1. First, make sure that the Place Actors panel is visible, and then in the Search Classes box, input the word `Cable`.

2. To add the Cable Actor to the world, click on the Cable Actor in the Place Actors panel and then drag it into the level.

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3. You can now position, rotate, and scale the Cable Actor so that it fits the needs of your level.

Using Cable Component in Blueprints

To use the Cable Component in your Blueprints, you will need to do the following:

1. First, create a new Blueprint called BP_Cable and make sure that it uses Actor as the parent class.

2. Next, from the Components section of the BP_Cable Blueprint, click on the Add Component button and then locate the Cable component in the list. When located, click on it to add it to the Components list.

3. With the Cable Component now added, select the Cable component in the components list, so that you can adjust its properties via the Details panel. For now, leave everything as the default and make sure to Compile and Save your Blueprint.

To make either side of the cable fall, un-check the Attach Start or Attach End option the Details panel of the Cable Component. This can also be toggled while the game is running to go along with effects.

4. Locate your Cable Blueprint in the Content Browser, and then drag it into the level. Once placed, you can use the move and rotate tools to position it as needed.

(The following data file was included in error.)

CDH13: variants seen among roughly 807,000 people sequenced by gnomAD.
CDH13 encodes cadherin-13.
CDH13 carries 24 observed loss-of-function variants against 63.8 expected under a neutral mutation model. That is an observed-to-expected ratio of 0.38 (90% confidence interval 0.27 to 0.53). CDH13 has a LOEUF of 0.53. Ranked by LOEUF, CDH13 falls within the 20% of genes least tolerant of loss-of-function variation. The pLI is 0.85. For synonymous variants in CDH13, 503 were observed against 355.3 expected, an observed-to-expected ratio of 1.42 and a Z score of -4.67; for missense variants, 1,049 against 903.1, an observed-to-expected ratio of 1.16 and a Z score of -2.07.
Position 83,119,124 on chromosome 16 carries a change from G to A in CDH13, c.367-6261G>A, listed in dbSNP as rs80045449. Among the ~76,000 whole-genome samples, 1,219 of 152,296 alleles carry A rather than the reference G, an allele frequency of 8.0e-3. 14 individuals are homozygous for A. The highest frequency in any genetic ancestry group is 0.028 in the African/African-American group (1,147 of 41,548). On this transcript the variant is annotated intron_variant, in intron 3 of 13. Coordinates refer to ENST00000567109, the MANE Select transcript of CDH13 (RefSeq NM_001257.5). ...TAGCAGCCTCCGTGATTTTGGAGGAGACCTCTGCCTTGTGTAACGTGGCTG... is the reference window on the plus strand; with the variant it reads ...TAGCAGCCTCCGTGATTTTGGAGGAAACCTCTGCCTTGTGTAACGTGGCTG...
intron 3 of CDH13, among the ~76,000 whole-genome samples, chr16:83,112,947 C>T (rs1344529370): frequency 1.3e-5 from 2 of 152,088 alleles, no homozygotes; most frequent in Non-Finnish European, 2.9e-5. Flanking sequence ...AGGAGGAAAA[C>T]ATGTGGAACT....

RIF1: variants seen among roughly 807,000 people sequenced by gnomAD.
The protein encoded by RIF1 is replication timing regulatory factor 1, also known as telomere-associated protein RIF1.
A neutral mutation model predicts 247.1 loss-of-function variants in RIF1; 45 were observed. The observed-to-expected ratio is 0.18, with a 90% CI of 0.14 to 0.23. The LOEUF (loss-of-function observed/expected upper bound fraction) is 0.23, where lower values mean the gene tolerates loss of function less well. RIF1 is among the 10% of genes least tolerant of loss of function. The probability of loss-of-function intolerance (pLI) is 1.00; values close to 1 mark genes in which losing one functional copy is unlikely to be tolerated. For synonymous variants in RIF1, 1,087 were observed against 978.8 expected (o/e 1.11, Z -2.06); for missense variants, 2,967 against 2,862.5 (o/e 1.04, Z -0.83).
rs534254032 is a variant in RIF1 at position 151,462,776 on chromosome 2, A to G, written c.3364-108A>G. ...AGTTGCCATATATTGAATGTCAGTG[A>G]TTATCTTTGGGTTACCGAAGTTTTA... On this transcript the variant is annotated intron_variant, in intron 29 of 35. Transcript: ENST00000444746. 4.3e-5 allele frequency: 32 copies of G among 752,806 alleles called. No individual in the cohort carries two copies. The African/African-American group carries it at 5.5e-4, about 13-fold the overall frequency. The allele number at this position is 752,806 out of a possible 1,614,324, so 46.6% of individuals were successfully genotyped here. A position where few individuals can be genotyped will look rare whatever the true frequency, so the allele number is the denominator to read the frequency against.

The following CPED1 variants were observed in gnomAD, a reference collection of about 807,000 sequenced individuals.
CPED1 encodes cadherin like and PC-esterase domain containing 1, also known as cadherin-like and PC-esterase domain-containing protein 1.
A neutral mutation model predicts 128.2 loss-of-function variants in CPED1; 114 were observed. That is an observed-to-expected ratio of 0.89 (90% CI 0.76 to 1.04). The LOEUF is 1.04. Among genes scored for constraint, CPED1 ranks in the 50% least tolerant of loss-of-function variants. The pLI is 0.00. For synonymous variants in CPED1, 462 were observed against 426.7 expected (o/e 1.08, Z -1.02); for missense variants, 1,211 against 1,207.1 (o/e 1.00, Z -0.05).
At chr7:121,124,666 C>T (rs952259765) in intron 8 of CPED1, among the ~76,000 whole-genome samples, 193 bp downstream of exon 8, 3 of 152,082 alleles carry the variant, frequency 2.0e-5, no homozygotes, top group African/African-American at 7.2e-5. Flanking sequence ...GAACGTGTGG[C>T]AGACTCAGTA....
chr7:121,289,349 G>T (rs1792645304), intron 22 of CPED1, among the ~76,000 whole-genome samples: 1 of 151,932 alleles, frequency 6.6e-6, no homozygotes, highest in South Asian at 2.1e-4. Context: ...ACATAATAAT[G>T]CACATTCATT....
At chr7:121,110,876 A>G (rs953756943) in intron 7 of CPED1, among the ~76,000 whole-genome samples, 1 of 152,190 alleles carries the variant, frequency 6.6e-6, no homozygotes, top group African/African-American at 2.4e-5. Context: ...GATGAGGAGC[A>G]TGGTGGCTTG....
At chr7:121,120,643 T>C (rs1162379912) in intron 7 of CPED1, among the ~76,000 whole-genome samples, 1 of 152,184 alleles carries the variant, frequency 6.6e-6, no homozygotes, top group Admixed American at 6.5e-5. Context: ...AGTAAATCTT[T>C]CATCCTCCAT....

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Attaching Objects to the Cable ends

You can also attach objects to either end of the cable so that the objects will swing along with the cable. To accomplish this in your UE4 projects, all you need to do is the following:

1. You will first need to add a Cable Actor and a Static Mesh to the level.

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Make sure that the Static Mesh that you are attaching to the end has its Mobility set to Moveable.

2. Locate the Static Mesh you want to attach to the end of the Cable Actor in the World Outliner, and then drag it on top of the Cable Actor. After doing this, the following input window will be displayed.

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3. Select the Cable End option, and in the viewport, you should see your Static Mesh snap to the end of the Cable Actor.

4. Now, select the Cable Actor in the level. Then, in the Details panel under the Cable section, uncheck the Attach End box.

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Note that you do not have to only use the Attach Start and Attach End option to attach cables to Actors. You can also specify a Socket that can be used as the attachment point.

5. After doing this, the cable should now swing freely in the viewport.

Note that you can dynamically toggle the Attach Start and Attach End bools at run time, which can make for some interesting effects.